Junior Yearly Meeting, Iowa Yearly Meeting (Conservative)

Our Yearly Meeting has approved other minutes related to our environment. In 2015 we approved this minute.

Minute

We are deeply moved and appreciate the contribution of Junior Yearly Meeting to our ongoing concern regarding changes in our environment.  Their project to raise funds for FCNL’s efforts to address environmental concerns by selling flowers was both spiritually and artistically beautiful.

Junior Yearly Meeting sells flowers from the Scattergood prairie to raise money to support FCNL’s work related to our environment

And this was included in the approved Peace and Social Concerns Committee report.

We are exploring concerns of our younger Friends.  Junior Yearly meeting at this Yearly Meeting are concerned about greenhouse gas emissions and rebuilding infrastructure in countries ravaged by war.


Queries

It would have been good if we had reached the point of inviting the meeting into my environmental concerns much sooner than we did. We have a practice that might have helped, which is consideration of queries (questions) related to various parts of our Quaker community lives. There are twelve sets of queries, so commonly each meeting considers one set of queries each month.

4.  HARMONY WITHIN THE MEETING

“This is my commandment: Love one another as I have loved you.”   John 15:1

ADVICE

It is sometimes difficult to remember that love is a gift of the Divine Spirit and not simply a human emotion. As imperfect human beings, it is not always possible for us to feel loving toward one another, but by opening ourselves to the Light Within, we can receive and give love beyond our human abilities.

Relationships among meeting members take time to evolve. Sometimes misunderstandings develop. When differences arise, they should not be ignored for the sake of superficial unity. We believe disagreements which might divide or disrupt a meeting can be resolved through human effort and divine grace, and may result in a stronger and more creative meeting. True harmony depends upon each persons deep respect of and faithful attention to the Divine Spirit within us all. We endeavor to practice humility, attempting to understand positions of others and being aware of the possibility that we may be mistaken.

It is the responsibility of the Ministry and Oversight Committee to be sensitive to needs which may arise. Others in the meeting may be equally concerned, and because of greater understanding in certain cases, be able to give counsel. In reconciliation of differences, a position not previously considered may prove mutually beneficial. At times it may be necessary to confront individuals whose behavior is disruptive. A clearness committee or professional help may be suggested in some situations. We must always remember the power of holding one another in the Light, and the healing that comes from forgiving ourselves as well as others.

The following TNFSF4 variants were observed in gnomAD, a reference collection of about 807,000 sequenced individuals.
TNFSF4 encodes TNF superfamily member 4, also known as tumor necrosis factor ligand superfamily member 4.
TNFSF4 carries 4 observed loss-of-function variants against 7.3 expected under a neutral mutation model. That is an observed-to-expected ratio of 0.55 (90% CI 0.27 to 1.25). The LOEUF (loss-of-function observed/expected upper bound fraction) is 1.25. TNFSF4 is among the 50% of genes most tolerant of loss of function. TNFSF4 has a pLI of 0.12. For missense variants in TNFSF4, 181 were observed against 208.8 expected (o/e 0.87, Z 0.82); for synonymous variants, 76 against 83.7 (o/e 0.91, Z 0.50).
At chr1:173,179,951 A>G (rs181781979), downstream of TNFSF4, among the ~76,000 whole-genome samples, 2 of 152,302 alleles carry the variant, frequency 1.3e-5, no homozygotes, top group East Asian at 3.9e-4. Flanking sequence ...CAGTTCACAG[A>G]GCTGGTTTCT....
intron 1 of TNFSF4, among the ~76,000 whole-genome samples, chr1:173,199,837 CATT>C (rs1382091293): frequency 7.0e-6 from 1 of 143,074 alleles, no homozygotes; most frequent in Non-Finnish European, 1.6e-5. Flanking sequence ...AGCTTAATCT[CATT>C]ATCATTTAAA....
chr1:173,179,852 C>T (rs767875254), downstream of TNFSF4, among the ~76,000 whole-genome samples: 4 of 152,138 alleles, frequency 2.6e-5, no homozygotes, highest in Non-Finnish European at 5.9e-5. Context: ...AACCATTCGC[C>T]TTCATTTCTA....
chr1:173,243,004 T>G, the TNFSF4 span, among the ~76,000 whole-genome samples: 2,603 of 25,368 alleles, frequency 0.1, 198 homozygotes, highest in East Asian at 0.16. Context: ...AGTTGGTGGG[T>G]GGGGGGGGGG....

QUERY

  • What can we do to deepen our relationships with one another? How does gender affect the way we relate to each other?
  • How does our meeting balance the needs for honesty and kindness? What topics do we avoid for the sake of “unity”?
  • When in conflict with others, do we cultivate a forgiving spirit? Do we look to that of God in ourselves and seek to address that of God in those with whom we disagree?

Ethical Transportation

 Radically reducing fossil fuel use has long been a concern of Iowa Yearly Meeting (Conservative).  A previously approved Minute urged us to reduce our use of personal automobiles.  We have continued to be challenged by the design of our communities that makes this difficult.  This is even more challenging in rural areas.  But our environmental crisis means we must find ways to address this issue quickly.
 
 Friends are encouraged to challenge themselves and to simplify their lives in ways that can enhance their spiritual environmental integrity. One of our meetings uses the term “ethical transportation,” which is a helpful way to be mindful of this.
 
 Long term, we need to encourage ways to make our communities “walkable”, and to expand public transportation systems.  These will require major changes in infrastructure and urban planning.
 
 Carpooling and community shared vehicles would help.  We can develop ways to coordinate neighbors needing to travel to shop for food, attend meetings, visit doctors, etc.  We could explore using existing school buses or shared vehicles to provide intercity transportation.  
 
 One immediately available step would be to promote the use of bicycles as a visible witness for non-fossil fuel transportation.  Friends may forget how easy and fun it can be to travel miles on bicycles.  Neighbors seeing families riding their bicycles to Quaker meetings would have an impact on community awareness.  This is a way for our children to be involved in this shared witness.  We should encourage the expansion of bicycle lanes and paths.  We can repair and recycle unused bicycles, and make them available to those who have the need.

Minute approved by Iowa Yearly Meeting (Conservative) 2017



1 . SET CONFLICT RESOLUTION GROUND RULES:

  • Recognize whose lands these are on which we stand.
  • Ask the deer, turtle, and the crane.
  • Make sure the spirits of these lands are respected and treated with goodwill.
  • The land is a being who remembers everything.
  • You will have to answer to your children, and their children, and theirs—
  • The red shimmer of remembering will compel you up the night to walk the perimeter of truth for understanding.
  • As I brushed my hair over the hotel sink to get ready I heard:
  • By listening we will understand who we are in this holy realm of words.
  • Do not parade, pleased with yourself.
  • You must speak in the language of justice.
Harjo, Joy. Conflict Resolution for Holy Beings: Poems. W. W. Norton & Company. Kindle Edition.